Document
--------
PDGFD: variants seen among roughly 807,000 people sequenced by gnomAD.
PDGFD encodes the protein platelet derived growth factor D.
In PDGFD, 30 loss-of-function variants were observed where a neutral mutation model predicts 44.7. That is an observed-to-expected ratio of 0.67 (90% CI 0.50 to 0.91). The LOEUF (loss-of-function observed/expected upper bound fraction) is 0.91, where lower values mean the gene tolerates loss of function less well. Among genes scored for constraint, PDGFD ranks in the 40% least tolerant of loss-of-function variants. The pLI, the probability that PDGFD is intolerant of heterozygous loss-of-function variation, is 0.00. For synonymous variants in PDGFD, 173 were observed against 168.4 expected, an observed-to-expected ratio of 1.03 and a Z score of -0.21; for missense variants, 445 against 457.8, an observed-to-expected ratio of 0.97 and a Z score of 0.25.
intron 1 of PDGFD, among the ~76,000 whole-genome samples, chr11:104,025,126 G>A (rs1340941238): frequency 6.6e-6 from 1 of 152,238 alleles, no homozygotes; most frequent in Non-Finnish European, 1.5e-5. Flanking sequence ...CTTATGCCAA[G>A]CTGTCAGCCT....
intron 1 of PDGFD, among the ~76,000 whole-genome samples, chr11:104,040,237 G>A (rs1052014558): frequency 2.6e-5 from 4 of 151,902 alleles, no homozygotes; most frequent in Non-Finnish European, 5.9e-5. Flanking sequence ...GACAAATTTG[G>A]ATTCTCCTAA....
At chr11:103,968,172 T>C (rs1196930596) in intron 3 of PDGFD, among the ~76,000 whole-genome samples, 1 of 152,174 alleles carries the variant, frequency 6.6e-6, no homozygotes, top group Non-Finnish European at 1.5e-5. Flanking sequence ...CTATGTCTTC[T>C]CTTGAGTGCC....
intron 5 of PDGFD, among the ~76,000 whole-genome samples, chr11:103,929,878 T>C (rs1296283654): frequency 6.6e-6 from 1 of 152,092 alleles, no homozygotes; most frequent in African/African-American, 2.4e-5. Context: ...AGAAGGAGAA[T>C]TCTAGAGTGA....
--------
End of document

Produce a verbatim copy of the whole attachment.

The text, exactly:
PDGFD: variants seen among roughly 807,000 people sequenced by gnomAD.
PDGFD encodes the protein platelet derived growth factor D.
In PDGFD, 30 loss-of-function variants were observed where a neutral mutation model predicts 44.7. That is an observed-to-expected ratio of 0.67 (90% CI 0.50 to 0.91). The LOEUF (loss-of-function observed/expected upper bound fraction) is 0.91, where lower values mean the gene tolerates loss of function less well. Among genes scored for constraint, PDGFD ranks in the 40% least tolerant of loss-of-function variants. The pLI, the probability that PDGFD is intolerant of heterozygous loss-of-function variation, is 0.00. For synonymous variants in PDGFD, 173 were observed against 168.4 expected, an observed-to-expected ratio of 1.03 and a Z score of -0.21; for missense variants, 445 against 457.8, an observed-to-expected ratio of 0.97 and a Z score of 0.25.
intron 1 of PDGFD, among the ~76,000 whole-genome samples, chr11:104,025,126 G>A (rs1340941238): frequency 6.6e-6 from 1 of 152,238 alleles, no homozygotes; most frequent in Non-Finnish European, 1.5e-5. Flanking sequence ...CTTATGCCAA[G>A]CTGTCAGCCT....
intron 1 of PDGFD, among the ~76,000 whole-genome samples, chr11:104,040,237 G>A (rs1052014558): frequency 2.6e-5 from 4 of 151,902 alleles, no homozygotes; most frequent in Non-Finnish European, 5.9e-5. Flanking sequence ...GACAAATTTG[G>A]ATTCTCCTAA....
At chr11:103,968,172 T>C (rs1196930596) in intron 3 of PDGFD, among the ~76,000 whole-genome samples, 1 of 152,174 alleles carries the variant, frequency 6.6e-6, no homozygotes, top group Non-Finnish European at 1.5e-5. Flanking sequence ...CTATGTCTTC[T>C]CTTGAGTGCC....
intron 5 of PDGFD, among the ~76,000 whole-genome samples, chr11:103,929,878 T>C (rs1296283654): frequency 6.6e-6 from 1 of 152,092 alleles, no homozygotes; most frequent in African/African-American, 2.4e-5. Context: ...AGAAGGAGAA[T>C]TCTAGAGTGA....